There are a number of heirloom yogurts that culture at room temperature. These mesophilic yogurt cultures are WAY easier to make than heat set yogurt.
The final yogurt isn’t exactly like store-bought yogurt. It’s a bit like comparing an heirloom tomato with store-bought beefsteak tomato, they are both good, but they aren’t exactly the same.
Store-bought versus heirloom yogurt
Store-bought yogurts are usually quite similar. While some of them might be strawberry flavoured and others are French vanilla… they share the same types of culture.
Here are a few differences between store-bought and heirloom yogurts:
- Typical store-bought yogurts a mix of bacterial strains. They always contain L. acidophilus plus a few other strains of Lactobacillus and Bifidobacterium. Heirloom yogurts contain a mix of different bacterial strains and often include strains of yeast.
- Store-bought yogurts are thermophilic, so you need to keep the milk warm in order to culture them. These heirloom yogurts are all mesophilic and will set at room temperature.
- The flavour of store-bought yogurt can be mild or strong, depending on how long it was cultured. Often thickeners are added to improve the consistency without creating a stronger flavoured yogurt. Mesophilic yogurts all have different flavours and consistencies.
Types of Heirloom Yogurts
There are a number of different heirloom yogurt cultures, each with their own unique flavour and consistency. They come from different regions, likely arising from local variations in bacteria and yeast.
Some more common types of yogurts are:
- Filmjolk: a thick, mild and cheesy yogurt from Nordic countries.
- Matsoni: a slightly thickened and mild yogurt from the Caucasus.
- Kefir: milk kefir is similar to matsoni, with a stronger, sour flavour. It is cultured from grains that are formed by a symbiotic culture of bacteria and yeast. It is also from the Caucasus.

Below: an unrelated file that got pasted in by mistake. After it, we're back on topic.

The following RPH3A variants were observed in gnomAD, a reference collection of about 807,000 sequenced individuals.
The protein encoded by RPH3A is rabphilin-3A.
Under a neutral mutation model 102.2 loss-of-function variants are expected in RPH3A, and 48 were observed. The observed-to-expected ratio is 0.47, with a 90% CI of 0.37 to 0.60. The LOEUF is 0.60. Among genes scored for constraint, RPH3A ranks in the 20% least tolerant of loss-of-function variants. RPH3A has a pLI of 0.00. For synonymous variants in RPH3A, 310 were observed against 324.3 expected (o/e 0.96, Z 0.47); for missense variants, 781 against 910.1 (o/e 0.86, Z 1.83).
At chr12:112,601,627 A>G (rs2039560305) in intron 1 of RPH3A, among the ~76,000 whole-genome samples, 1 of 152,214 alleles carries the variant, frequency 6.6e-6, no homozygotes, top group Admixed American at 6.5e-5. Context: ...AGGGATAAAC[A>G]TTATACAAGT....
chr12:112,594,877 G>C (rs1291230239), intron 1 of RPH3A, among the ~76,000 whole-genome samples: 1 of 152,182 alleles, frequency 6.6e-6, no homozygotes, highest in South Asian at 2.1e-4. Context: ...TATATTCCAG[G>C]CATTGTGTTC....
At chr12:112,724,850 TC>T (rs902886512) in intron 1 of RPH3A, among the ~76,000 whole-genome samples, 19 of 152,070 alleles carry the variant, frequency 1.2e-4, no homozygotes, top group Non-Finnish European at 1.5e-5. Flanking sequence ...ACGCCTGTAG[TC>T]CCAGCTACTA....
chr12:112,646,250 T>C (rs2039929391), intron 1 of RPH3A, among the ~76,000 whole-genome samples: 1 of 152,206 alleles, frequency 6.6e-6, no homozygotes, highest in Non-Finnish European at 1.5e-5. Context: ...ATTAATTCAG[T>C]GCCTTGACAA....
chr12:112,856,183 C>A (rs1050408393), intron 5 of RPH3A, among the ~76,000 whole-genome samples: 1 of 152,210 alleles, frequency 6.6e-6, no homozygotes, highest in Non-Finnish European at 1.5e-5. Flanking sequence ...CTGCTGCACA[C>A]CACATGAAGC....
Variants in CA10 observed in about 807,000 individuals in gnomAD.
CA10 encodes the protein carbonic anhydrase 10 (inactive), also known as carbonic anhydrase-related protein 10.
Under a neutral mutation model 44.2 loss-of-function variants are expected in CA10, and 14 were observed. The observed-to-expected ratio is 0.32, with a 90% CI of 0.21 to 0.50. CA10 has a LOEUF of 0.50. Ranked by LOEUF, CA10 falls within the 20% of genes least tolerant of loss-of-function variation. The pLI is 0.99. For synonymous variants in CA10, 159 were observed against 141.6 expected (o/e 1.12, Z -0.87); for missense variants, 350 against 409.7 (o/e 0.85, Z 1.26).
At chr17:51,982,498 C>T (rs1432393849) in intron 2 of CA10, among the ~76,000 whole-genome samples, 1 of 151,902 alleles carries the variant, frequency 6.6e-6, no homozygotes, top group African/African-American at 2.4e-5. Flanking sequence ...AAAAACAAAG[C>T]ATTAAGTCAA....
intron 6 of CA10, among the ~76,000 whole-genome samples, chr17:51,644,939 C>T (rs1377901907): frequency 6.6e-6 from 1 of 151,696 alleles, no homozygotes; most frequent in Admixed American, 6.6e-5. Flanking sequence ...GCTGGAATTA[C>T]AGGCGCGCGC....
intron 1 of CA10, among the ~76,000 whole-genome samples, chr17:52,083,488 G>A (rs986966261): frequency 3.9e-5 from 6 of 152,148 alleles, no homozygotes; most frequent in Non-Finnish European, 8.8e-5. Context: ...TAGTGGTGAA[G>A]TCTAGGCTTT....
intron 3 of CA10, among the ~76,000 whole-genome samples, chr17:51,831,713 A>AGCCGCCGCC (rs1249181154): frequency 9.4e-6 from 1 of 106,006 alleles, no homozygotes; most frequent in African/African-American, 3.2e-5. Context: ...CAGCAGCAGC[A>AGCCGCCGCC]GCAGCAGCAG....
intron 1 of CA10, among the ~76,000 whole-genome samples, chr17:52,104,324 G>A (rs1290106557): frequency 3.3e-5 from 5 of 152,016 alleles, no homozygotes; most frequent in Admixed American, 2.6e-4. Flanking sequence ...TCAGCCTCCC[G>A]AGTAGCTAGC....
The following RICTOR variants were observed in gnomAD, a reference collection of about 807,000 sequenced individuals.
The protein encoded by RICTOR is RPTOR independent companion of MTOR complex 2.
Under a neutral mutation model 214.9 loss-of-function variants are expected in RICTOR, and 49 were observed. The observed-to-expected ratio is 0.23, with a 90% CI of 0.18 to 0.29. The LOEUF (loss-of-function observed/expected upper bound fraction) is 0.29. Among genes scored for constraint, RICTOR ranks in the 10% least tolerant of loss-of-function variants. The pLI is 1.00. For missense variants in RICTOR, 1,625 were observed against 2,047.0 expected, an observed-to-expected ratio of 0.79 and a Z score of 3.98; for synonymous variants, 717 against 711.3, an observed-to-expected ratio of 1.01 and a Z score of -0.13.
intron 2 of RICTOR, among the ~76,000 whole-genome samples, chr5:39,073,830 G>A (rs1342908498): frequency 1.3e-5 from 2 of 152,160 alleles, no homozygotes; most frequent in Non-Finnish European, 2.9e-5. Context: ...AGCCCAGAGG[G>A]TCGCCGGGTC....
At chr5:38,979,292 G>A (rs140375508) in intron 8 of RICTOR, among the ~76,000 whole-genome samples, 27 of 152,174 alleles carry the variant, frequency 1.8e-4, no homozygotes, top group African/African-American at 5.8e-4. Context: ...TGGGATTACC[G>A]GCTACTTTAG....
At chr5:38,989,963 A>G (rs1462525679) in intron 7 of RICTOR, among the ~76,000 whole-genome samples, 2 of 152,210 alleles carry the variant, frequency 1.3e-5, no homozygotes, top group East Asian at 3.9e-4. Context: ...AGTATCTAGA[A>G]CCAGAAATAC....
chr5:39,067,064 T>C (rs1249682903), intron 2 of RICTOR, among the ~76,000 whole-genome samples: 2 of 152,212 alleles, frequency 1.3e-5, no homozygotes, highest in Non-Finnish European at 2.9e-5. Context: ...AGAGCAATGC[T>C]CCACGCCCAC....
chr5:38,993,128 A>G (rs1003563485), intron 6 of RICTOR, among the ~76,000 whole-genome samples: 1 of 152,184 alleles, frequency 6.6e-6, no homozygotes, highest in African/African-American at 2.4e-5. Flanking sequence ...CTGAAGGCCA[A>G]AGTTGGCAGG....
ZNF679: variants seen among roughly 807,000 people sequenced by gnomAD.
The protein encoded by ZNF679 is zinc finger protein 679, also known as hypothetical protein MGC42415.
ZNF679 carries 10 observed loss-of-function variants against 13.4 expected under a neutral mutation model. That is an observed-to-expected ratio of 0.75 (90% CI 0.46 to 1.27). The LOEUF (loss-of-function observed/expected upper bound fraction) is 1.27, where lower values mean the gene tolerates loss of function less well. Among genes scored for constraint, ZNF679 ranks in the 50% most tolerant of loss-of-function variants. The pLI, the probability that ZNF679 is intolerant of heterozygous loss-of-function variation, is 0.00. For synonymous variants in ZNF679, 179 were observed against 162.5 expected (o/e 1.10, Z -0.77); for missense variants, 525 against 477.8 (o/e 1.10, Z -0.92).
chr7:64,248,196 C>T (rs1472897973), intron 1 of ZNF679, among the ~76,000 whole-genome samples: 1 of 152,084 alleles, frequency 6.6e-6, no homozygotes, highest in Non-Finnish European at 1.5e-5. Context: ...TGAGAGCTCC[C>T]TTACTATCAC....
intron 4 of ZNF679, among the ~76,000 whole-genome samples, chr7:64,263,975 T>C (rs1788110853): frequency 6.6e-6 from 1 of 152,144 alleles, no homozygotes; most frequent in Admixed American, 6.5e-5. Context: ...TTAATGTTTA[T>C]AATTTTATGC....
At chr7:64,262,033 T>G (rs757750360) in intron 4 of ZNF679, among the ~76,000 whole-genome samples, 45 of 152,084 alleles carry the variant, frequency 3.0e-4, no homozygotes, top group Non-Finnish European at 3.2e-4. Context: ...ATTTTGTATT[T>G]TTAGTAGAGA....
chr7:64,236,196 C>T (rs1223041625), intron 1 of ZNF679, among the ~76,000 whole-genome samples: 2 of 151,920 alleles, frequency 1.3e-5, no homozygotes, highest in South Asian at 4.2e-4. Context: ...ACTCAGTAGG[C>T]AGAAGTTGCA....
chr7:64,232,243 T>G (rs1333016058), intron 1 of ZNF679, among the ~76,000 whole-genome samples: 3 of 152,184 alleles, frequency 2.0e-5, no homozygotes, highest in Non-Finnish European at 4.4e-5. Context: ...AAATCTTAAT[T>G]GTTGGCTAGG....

- Viili: a gelatinous and ropey product that has a sweet flavour. It comes from Scandinavia.
- Piimä: a sour, buttermilk-like beverage also from Scandinavia
The hardest part about making mesophilic yogurt is finding the culture. If you don’t know anyone who has a culture to share, then you can always buy it online.Print
Learn all about making yogurt using a room temperature heirloom yogurt culture. Matsoni yogurt is a thick and creamy yogurt that has a mild flavour. It is delicious, probiotic and easy to make at home.
- Prep Time: 5 minutes
- Total Time: 5 minutes
- Yield: 2 cups 1x
- Category: Breakfast
- Method: Fermented
- Cuisine: Caucasus
- Diet: Gluten Free
- 2 cups milk
- 2 tbsp matsoni yogurt
- Combine milk and matsoni culture in a clean glass container.
- Leave it somewhere warm for 12-24 hours (until set). It prefers temperatures between 21-25 C (70-77 F), so stash it above the fridge or beside the hot water heater.
- When it has thickened, store in the refrigerator and eat within 1 month.
- Matsoni yogurt culture can be found online (affiliate link). Once you have bought it, you can keep reculturing it. Just be sure to make matsoni at least once a week to keep the strain healthy. I recommend sharing the culture with your friends and family, so you don’t have to worry if you go away on holiday or take a break from culturing.
- Matsoni is thickest when we eat it within the first two days after culturing. However, if you use too much culture or leave it on the counter for too long, the whey will separate. It’s still fine to eat, but it’s not as tasty.
- To make a thicker and creamier yogurt, you can heat the milk to 80 C (176 F) to denature the proteins. Then cool the milk to 25 C (77 F) before stirring in the culture.
Keywords: mesophilic, no yogurt maker, room temperature, probiotic, snack, dessert, gluten free, keto, whole 30, anti-candida, heirloom